Scripture teaches us about prayer in many different ways: statements of fact, commands, parables, and by providing the prayers of many great prayer warriors to learn from. One of those warriors is the Apostle Paul.
While Paul included many prayers for others in his epistles (see a complete list of Paul’s prayers), only a few times does Paul ask for prayer for himself. His personal prayer requests open Paul’s heart and help us see how to best pray for those in ministry. (Paul asks for prayer several times in the following passages: Romans 15:30-33; 2 Corinthians 1:10-11; Ephesians 6:19-20; Philippians 1:19-20; Colossians 4:2-4; 1 Thessalonians 5:25; 2 Thessalonians 3:1-2; Philemon 22.)
Why did Paul ask for prayer and what can we learn from his requests?
6 Observations from the Prayer Requests of Paul
1. Paul believed prayer to be powerful, effective, and necessary.
Even though Paul was an apostle and one of the greatest missionaries the world has ever seen, he knew his own weakness and utterly depended upon God. Paul knew that he could not on his own make his ministry effective or escape from those seeking to destroy him–so he asked the church for prayer so God could intervene and do what he could not. This is why he often asked for prayer.
“…I know that through your prayers and the help of the Spirit of Jesus Christ this will turn out for my deliverance…” Philippians 1:19
2. Paul knew that when we pray for someone in ministry, we join them in ministry.
“…strive together with me in your prayers to God on my behalf…” Romans 15:30
Paul sets up this prayer request with the strongest possible appeal, “I appeal to you, brothers, by our Lord Jesus Christ and by the love of the Spirit, strive together with me in your prayers to God on my behalf…” Paul appeals to our common Lord (Jesus Christ) and our common love (which is the Spirit’s fruit) because he knows that those in the body of Christ should care for one another.1
When we pray for other believers in ministry, we strive with them in God’s work. God uses our prayers to propel others to greater heights and effectiveness in ministry–heights and effectiveness that would not be there without the prayers of faithful friends.
3. Paul desired to serve the church and fellowship with her.
A love for his brothers and sisters in Christ emanated from the Apostle Paul who was the spiritual father of many. Several times Paul showed his deep desire for fellowship and time with those he ministered to.
Paul wrote in Romans 15:31-32, “Pray that…my service in Jerusalem may be acceptable to the saints there, so that by God’s will I may come to you with joy and together with you be refreshed.” He also asked in Philemon 22 for Philemon to prepare a guest room for him just in case their prayers were answered and he was able to visit. Paul held serving and fellowshipping with the church as a top priority.
4. Paul asked for prayer to have a bold and clear proclamation of the Gospel.
The gospel was of first importance for the Apostle Paul (1 Corinthians 15:3). His gospel focus comes out in his personal prayer requests.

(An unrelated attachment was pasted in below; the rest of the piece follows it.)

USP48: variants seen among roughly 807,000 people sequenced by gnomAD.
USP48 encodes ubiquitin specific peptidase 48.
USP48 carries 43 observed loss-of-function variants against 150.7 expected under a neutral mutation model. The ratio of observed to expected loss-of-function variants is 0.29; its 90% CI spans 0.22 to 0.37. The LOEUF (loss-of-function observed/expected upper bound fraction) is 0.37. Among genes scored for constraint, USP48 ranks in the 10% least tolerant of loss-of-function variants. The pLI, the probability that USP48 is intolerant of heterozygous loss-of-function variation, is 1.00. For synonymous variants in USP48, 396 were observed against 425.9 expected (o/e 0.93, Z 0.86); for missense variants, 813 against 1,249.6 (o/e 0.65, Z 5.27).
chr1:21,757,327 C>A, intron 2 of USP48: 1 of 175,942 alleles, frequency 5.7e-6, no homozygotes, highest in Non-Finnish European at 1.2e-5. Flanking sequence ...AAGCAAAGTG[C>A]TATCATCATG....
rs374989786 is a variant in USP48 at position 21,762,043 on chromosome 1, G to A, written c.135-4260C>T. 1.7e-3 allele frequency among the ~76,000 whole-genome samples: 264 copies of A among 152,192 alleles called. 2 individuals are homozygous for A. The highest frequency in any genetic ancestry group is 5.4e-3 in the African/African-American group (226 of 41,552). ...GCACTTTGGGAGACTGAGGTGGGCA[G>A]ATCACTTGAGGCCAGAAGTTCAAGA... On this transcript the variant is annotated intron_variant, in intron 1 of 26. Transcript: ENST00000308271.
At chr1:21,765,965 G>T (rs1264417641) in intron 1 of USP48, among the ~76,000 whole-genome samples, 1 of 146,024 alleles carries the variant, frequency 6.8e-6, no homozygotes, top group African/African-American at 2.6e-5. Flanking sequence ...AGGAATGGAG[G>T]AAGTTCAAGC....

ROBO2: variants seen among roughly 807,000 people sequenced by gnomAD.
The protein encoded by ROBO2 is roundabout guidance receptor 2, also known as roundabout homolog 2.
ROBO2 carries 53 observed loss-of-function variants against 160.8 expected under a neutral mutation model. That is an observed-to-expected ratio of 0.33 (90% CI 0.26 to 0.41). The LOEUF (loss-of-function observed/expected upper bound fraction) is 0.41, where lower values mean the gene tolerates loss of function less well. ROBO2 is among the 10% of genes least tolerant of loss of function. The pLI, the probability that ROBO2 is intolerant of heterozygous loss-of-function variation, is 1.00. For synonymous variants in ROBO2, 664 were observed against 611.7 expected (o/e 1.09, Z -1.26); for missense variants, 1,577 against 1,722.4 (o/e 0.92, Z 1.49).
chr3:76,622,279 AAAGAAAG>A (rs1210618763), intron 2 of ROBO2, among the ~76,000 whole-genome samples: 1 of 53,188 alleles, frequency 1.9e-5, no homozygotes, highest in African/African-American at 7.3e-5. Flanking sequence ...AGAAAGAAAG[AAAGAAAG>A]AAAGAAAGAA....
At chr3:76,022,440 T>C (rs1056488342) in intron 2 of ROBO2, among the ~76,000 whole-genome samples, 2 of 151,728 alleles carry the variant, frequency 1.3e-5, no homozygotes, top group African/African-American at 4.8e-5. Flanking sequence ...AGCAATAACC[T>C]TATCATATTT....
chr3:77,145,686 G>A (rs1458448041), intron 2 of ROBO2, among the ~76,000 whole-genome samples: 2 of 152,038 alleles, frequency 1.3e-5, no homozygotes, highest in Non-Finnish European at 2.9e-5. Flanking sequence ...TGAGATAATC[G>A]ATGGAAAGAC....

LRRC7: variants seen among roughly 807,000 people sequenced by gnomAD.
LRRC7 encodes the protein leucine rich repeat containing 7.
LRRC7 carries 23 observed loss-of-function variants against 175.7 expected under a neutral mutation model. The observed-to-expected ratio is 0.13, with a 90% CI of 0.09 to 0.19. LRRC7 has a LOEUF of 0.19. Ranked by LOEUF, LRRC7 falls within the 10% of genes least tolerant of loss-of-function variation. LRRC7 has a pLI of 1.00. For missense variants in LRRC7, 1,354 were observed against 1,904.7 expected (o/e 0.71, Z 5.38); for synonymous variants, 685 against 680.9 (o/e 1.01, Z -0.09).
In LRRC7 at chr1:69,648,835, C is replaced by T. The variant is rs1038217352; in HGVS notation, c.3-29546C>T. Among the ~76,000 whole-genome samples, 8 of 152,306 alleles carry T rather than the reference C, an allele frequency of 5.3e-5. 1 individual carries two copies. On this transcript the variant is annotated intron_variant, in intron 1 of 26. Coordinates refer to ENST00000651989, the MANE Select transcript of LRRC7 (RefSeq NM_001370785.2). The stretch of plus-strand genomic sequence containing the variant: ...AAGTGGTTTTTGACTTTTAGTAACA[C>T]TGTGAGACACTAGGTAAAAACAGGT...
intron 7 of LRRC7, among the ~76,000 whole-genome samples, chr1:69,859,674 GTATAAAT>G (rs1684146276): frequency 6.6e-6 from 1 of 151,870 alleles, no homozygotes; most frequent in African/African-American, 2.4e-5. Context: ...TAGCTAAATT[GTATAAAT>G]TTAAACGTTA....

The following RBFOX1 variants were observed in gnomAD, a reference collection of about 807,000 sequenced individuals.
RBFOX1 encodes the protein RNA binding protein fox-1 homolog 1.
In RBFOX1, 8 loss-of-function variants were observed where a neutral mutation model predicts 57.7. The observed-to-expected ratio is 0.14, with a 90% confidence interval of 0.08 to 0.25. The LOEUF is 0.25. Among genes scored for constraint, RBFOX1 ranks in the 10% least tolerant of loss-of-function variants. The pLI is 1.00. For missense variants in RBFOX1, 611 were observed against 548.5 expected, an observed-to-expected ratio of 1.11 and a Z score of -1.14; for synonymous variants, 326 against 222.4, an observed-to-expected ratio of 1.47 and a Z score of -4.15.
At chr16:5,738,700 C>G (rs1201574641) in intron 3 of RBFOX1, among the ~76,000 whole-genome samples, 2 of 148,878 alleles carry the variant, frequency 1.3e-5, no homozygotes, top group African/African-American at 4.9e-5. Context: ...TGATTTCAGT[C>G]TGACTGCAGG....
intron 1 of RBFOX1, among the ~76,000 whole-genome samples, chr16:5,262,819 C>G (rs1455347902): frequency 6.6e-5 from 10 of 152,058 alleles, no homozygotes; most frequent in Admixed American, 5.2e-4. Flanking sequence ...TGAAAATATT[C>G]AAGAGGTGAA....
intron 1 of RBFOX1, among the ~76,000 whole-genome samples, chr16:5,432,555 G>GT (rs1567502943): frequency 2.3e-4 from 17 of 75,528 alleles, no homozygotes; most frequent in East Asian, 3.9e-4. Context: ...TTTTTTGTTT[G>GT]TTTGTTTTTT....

He requests prayer for the right words in sharing the gospel (Ephesians 6:19), to proclaim the gospel without fear (Ephesians 6:20), clarity in communication (Colossians 4:4), doors to be opened for the gospel (Colossians 4:2), and that God’s word would speed ahead and be honored (2 Thessalonians 3:1). He doesn’t want to leave any room for miscommunication but rather prays and requests prayer for the gospel to “run” through his ministry.
This focus shows the deep compassion and eternal focus of Paul–something we would all be better to emulate.
5. Paul requested prayer to be rescued from evil men.
Paul endured beatings, imprisonments, shipwrecks, and faced constant danger (2 Corinthians 11:25-28). He often had a target on his back due to opposition from the Jews, Gentiles, and false teachers, and constantly coveted the prayers of the saints. This is why Paul asked several times to be “rescued from unbelievers” (Romans 15:31) and “delivered from wicked and evil men” (2 Thessalonians 3:2). He later tells the Corinthians that their prayers for him will help deliver him from deadly peril (2 Corinthians 1:10-11).
He does not pray condemnatory prayers or imprecatory psalms against his enemies, but rather seeks deliverance from them. God answered many of these prayers, but ultimately did not prevent Paul’s death. Our sixth observation helps us see why:
6. Paul submitted his requests to God’s will.
Paul’s request in Romans 15 asks for prayer to be with the Romans “by God’s will…” (15:32). Even as an apostle with apostolic authority, Paul knows that his prayers need to follow the pattern taught by Christ, who taught his disciples to pray “Your will be done” (Matthew 6:10) and himself prayed, “but not as I will, but as you will” (Matthew 26:39).
Not all of our plans are answered as we would like. But like Paul, we can trust God and his perfect will to work things for the good of those who love him and the good of the Kingdom.
May God conform our hearts and prayers according to His will!
Recommended Resource: Lessons from the Apostle Paul’s Prayers by Charles Spurgeon
Article originally posted at LeadershipResources.org